FVCC Enrollment Holding Steady as Economy Improves

This fall the community college reported 2,169 enrolled students, eight more than last year

By Dillon Tabish
Flathead Valley Community College commencement ceremony on May 15, 2015. Greg Lindstrom | Flathead Beacon

While the University of Montana struggles with a sharp drop in enrollment and projected budget cuts, Flathead Valley Community College is holding steady with a minimal drop in full-time students.

This fall FVCC reported 2,169 enrolled students, eight more than a year ago. The number of full-time equivalent students was 1,319.2, a 3.8 percent decline, or roughly 52 FTEs.

Enrollment hit record levels during the recession, with over 2,500 students enrolled at FVCC in 2010. Since the economy has improved in the years since, universities and colleges across the state are now seeing fluctuating enrollments, due to various factors, including a decreasing number of Montana high school graduates and student loan debt.

At UM, enrollment dropped 6.5 percent to 13,044 students. This means the university will receive $3 million less in revenue, and officials have said the school will have to adjust expenditures to make up for the shortfall.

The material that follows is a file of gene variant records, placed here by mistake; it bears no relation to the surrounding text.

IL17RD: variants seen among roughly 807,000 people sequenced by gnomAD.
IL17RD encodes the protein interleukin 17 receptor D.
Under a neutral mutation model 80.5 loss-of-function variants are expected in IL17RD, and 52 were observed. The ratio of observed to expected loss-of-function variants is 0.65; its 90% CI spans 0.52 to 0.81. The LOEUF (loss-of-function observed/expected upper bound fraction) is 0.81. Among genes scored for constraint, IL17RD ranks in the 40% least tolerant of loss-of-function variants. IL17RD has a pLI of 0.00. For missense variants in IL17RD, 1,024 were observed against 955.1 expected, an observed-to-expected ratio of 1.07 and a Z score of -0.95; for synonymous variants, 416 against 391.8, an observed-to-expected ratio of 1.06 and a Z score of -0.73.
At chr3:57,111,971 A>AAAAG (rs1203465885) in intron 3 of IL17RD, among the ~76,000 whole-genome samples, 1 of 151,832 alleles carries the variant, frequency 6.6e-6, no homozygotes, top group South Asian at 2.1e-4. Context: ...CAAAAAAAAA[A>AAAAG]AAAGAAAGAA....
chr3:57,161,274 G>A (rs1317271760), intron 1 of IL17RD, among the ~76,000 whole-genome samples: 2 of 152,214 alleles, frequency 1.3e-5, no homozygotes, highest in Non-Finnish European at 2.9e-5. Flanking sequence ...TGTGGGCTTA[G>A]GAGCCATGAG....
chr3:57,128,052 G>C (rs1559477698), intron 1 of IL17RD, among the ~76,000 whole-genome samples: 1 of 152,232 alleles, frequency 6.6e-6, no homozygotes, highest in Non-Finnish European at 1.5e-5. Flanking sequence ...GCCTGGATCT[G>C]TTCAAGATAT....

In contract, Montana State University reported a new enrollment record with 15,688 students, a 1.7 percent increase. It is the ninth time in the last 10 years that MSU has set an enrollment record.

In Kalispell, FVCC attracts 90 percent of its students from Flathead and Lincoln counties, and this has helped provide a consistent base for the school, according to officials.

“The part of our enrollment that is most consistent is traditional aged students out of high school. It’s the non-traditional students who are more volatile. That depends on the job market in the valley,” said Brad Eldredge, vice president of Instruction and Student Services at FVCC.

Eldredge said the college prepared its budget in case an enrollment drop occurred, and that strategy has prevented any significant cuts on campus.

“We wanted to be conservative in our budget,” he said.

FVCC’s annual budget for fiscal year 2016 was $18.65 million. The school’s funding comes from three sources: tuition (26 percent), state appropriations (46.9 percent) and local taxes (27.1 percent).

“We’re really blessed with a lot of stability in the way we’re funded so we can weather the ups and downs that come from being a community college,” Eldredge said.

Eldredge said the college has seen a noticeable uptick in high school students utilizing the Running Start program that allows them to take college courses. He said FVCC’s occupational trades and health care programs are also very popular and attracting growing numbers of students.